The original Red Steel was rubbish. Everybody knows it. Mediocre gunplay and first-person swordfighting that simply didn’t work, the launch title Wii game was full of ambitious ideas that unceremoniously fell flat. With the introduction of MotionPlus, however, Ubisoft wants another crack of the whip and attempt to make motion-controlled blade-swinging work.
With a totally new setting and even a complete artistic overhaul, Red Steel 2 hopes to make us forget that the original game ever existed. Just how successful has Ubisoft been, and does this sequel finally live up to the lofty goals of its predecessor? Find out as we review Red Steel 2.
Red Steel 2 (Wii)
Developer: Ubisoft Paris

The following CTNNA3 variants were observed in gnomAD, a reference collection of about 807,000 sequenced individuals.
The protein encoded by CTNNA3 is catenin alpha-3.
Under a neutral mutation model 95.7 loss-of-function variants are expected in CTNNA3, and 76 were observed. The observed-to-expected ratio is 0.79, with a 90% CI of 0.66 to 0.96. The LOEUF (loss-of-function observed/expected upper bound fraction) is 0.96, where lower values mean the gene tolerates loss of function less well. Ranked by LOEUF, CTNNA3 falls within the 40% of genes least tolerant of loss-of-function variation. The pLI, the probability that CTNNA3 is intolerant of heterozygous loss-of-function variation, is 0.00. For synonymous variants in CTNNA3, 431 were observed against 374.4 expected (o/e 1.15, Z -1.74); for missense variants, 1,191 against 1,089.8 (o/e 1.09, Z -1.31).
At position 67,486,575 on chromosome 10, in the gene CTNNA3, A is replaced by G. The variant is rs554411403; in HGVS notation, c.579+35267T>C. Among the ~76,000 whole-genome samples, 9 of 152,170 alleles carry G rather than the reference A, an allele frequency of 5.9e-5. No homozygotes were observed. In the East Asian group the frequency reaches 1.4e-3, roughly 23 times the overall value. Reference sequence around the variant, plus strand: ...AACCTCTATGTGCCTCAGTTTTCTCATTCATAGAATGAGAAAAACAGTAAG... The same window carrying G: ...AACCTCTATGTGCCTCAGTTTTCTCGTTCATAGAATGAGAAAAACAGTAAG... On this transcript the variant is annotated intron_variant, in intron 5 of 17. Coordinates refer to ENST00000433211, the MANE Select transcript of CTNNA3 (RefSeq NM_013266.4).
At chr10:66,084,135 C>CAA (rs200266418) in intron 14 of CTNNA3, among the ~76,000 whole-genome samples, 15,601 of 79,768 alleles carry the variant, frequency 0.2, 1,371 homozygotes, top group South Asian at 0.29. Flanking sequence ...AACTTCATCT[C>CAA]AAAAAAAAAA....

Released: March 23, 2010
MSRP: $49.99/$59.99 (MotionPlus bundle)
Red Steel 2 is a sequel in name only. In fact, you can almost tell that the developers want nothing to do with the original. A realistic setting has been swapped for a cel-shaded fusion of Spaghetti Western and Japanese Anime, as the mysterious “Swordslinger” takes up his pistol and katana to take on the evil clans that conspired to murder his people. The game is light on narrative with a story that doesn’t even make much sense, but it doesn’t matter. This game is all about the stabbing and shooting.
To put it bluntly, Red Steel 2 works. In fact, not only does it work, it works brilliantly. The addition of MotionPlus gives users a sense of control that was sorely missing from the first Red Steel, and players will be able to efficiently block, parry, and slice like never before. While it’s not always 100% accurate (sometimes my character wouldn’t block in time, or turn to face another enemy when prompted), the game comes closer than any other title to making motion-controlled FPS combat feel not only competent, but almost natural.